Flashbacks July 2004

Do We Really Need a Vice President?

John Kerry's selection of John Edwards as his presidential running mate has ended weeks of speculation about which candidate he was leaning toward and what factors would enter into the selection process. Though some have commended Kerry's choice as creating a "balanced ticket," history indicates that such balancing acts do little to affect policy once the candidates take office. "The 'balanced ticket,'" wrote Arthur Schlesinger Jr. in the 1974 Atlantic, "is in any case a fraud on the public. It pretends that the Vice President's views 'balance' the views of the President when all our history testifies that they have no impact at all on the President." This, of course, begs the question: what exactly is the role of the Vice President? Two Atlantic articles from the mid-to-late twentieth century have considered this question, examining the history and nature of the office, and assessing its merits.

In "The Presidential Succession" (May 1947), the constitutional historian Lucius Wilmerding argued that the central problem of the vice presidency was, in the words of John Adams, that the Vice President "is nothing, but may be everything." The Vice President's nominal post as president of the Senate amounts to "an office without duties," Wilmerding argued, and as such, it "is not an office to inspire or satisfy the expectations of an ambitious mind." At the time, the office of the Vice President was only just beginning to assume tasks of any real responsibility or importance. Routine vice presidential attendance at Cabinet meetings had only recently become the norm. And in fact, not until Kennedy became president in 1961 would the Vice President even be afforded the distinction of receiving a space in the Executive Office Building. Wilmerding pointed out that a large number of politicians had been shrewd enough over the course of the office's history to decline the nomination or to refuse even to allow their names to be mentioned for consideration. As for the unlucky ones who ended up serving as Vice President, Wilmerding wrote:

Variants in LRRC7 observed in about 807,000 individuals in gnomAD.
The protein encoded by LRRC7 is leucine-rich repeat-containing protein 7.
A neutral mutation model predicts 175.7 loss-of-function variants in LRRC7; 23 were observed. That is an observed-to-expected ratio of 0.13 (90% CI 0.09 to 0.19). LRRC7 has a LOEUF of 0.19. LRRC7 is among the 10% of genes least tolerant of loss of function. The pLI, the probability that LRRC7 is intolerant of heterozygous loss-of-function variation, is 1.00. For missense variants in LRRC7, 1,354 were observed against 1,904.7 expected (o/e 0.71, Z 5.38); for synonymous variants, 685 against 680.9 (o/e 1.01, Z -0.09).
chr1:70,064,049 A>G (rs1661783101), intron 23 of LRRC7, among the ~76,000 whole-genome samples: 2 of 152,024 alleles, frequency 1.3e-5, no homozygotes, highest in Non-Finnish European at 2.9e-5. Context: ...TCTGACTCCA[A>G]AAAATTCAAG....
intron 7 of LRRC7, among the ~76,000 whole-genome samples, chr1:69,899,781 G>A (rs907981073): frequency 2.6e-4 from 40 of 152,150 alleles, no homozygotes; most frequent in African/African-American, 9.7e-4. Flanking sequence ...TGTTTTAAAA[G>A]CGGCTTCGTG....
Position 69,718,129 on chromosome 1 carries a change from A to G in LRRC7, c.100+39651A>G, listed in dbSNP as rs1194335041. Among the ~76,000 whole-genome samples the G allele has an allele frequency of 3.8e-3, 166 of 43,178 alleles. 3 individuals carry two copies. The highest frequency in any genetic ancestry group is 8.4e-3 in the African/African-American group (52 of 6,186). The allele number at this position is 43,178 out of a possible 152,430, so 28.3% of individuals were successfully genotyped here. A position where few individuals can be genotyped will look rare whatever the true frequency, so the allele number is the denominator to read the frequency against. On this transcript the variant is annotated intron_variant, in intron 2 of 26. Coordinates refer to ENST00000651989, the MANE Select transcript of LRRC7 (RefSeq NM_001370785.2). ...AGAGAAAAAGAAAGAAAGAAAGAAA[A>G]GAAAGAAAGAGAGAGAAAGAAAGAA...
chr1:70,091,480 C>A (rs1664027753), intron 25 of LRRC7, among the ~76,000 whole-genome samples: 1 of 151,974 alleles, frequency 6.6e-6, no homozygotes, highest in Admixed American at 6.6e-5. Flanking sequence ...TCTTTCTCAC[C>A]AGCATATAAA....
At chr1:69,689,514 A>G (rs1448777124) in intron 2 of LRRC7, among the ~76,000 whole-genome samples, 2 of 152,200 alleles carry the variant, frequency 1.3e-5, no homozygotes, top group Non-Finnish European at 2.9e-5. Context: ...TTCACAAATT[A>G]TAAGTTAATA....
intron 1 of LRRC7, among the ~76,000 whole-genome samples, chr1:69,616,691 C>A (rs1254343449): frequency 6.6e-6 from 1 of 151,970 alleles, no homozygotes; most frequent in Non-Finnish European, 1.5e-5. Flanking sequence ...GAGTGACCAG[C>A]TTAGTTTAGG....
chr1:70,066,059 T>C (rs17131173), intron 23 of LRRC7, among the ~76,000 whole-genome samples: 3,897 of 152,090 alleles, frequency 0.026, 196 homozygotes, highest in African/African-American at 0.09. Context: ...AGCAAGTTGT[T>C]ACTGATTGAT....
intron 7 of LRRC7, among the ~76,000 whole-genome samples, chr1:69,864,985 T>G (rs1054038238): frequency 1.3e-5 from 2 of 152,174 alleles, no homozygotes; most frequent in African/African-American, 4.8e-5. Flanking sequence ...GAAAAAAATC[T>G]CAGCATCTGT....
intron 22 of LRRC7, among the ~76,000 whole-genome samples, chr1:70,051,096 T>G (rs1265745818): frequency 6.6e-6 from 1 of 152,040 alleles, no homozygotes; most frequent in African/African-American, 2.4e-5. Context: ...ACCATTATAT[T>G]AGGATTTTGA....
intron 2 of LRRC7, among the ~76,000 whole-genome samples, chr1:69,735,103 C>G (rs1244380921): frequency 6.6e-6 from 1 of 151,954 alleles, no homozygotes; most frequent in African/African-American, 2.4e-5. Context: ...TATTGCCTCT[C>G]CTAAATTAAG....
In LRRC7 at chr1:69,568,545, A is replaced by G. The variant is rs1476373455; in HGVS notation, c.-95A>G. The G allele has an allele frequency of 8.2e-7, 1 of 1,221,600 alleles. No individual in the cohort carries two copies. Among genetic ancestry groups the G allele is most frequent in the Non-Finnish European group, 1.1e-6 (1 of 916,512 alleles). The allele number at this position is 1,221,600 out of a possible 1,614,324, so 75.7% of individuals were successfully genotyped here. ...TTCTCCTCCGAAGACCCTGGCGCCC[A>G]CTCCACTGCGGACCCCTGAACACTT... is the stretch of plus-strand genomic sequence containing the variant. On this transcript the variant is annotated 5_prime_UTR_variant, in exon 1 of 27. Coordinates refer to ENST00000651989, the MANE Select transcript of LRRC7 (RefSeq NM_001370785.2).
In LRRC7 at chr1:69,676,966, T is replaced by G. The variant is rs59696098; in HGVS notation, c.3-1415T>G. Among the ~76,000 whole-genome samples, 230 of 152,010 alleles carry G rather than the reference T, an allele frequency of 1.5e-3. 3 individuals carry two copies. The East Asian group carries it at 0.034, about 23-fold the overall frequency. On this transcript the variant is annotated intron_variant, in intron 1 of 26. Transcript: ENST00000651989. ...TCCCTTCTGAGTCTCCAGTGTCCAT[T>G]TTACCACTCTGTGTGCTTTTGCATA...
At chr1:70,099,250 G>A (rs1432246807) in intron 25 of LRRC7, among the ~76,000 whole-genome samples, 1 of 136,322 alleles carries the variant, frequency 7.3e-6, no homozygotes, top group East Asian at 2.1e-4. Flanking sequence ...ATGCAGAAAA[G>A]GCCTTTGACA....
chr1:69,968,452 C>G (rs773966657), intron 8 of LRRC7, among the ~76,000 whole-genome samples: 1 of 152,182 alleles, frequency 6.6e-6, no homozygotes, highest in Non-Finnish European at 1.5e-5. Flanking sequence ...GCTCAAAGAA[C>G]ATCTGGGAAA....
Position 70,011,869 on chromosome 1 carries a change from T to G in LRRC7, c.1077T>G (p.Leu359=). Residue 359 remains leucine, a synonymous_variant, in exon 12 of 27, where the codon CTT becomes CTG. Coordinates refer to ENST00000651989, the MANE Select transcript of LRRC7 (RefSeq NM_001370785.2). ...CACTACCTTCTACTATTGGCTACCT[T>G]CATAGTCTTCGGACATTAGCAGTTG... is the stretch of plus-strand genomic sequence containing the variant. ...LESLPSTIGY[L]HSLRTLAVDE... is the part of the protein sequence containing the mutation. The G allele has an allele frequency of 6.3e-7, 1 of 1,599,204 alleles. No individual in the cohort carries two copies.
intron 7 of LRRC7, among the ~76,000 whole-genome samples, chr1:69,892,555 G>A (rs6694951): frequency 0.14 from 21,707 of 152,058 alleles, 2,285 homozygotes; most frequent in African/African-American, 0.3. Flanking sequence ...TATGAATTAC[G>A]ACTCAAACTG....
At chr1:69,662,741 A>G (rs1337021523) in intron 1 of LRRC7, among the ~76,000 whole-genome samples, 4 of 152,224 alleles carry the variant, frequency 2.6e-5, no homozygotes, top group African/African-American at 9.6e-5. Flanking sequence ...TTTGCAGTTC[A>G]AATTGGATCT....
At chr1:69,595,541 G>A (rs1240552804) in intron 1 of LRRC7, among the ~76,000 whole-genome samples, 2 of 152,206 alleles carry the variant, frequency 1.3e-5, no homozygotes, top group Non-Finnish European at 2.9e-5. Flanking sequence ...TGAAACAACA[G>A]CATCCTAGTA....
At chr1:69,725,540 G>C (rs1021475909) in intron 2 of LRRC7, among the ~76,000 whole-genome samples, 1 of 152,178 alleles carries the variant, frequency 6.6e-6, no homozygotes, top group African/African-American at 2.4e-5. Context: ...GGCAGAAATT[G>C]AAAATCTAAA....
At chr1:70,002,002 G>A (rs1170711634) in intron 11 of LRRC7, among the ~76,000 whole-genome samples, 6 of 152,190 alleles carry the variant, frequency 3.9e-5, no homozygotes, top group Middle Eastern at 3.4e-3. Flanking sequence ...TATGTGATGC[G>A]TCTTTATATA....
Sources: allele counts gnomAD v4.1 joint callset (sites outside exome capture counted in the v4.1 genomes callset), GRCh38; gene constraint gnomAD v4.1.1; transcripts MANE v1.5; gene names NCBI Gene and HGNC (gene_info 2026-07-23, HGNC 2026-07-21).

John Adams declared it the most insignificant office that ever the invention of man contrived or his imagination conceived—the only one in the world in which patience and firmness were useless. Jefferson found it the only office about which he was unable to decide whether he would rather have it or not have it—honorable and easy, it would give him philosophical evenings in the winter and rural delights in the summer, but was that enough? ... In 1900 Boss Quay and Boss Platt forced the nomination on an unwilling Roosevelt, thinking to destroy him forever politically.

Yet, Wilmerding wrote, if the office is unimportant, the officer certainly is not, for if the President becomes unable to perform his duties, then the Vice President will rise to the presidency. This, in Wilmerding's mind, represented the dilemma of the vice presidency:

How to fill an office which no one but a Throttlebottom can want, with a man of the highest respectability, well known, and of established reputation throughout the United States?

Given his assessment that the task was likely impossible, Wilmerding proposed doing away with the office altogether:

Let us bid adieu to our Vice Presidents and make provision, as the Founding Fathers originally intended to make provision, for the temporary filling of the office of the President in the event of a vacancy, and for the prompt holding of a new election. The machinery is extremely easy to devise.

Arthur Schlesinger Jr., writing a quarter century later, agreed with Wilmerding. In "Is the Vice Presidency Necessary?" (May 1974), he noted that when Eisenhower was asked what major decisions of his Administration the Vice President participated in, he answered, "If you give me a week, I might think of one." The only big job handed to a Vice President in the first 185 years of the American presidency, Schlesinger argued, was when FDR made Henry Wallace the head of the Board of Economic Warfare. Otherwise, Schlesinger wrote, "presidents spend time that might be put to far better use trying to figure out ways of keeping their Vice Presidents busy and especially of getting them out of town."

Presented by

Mary Ann Bronson is an Atlantic Web intern.

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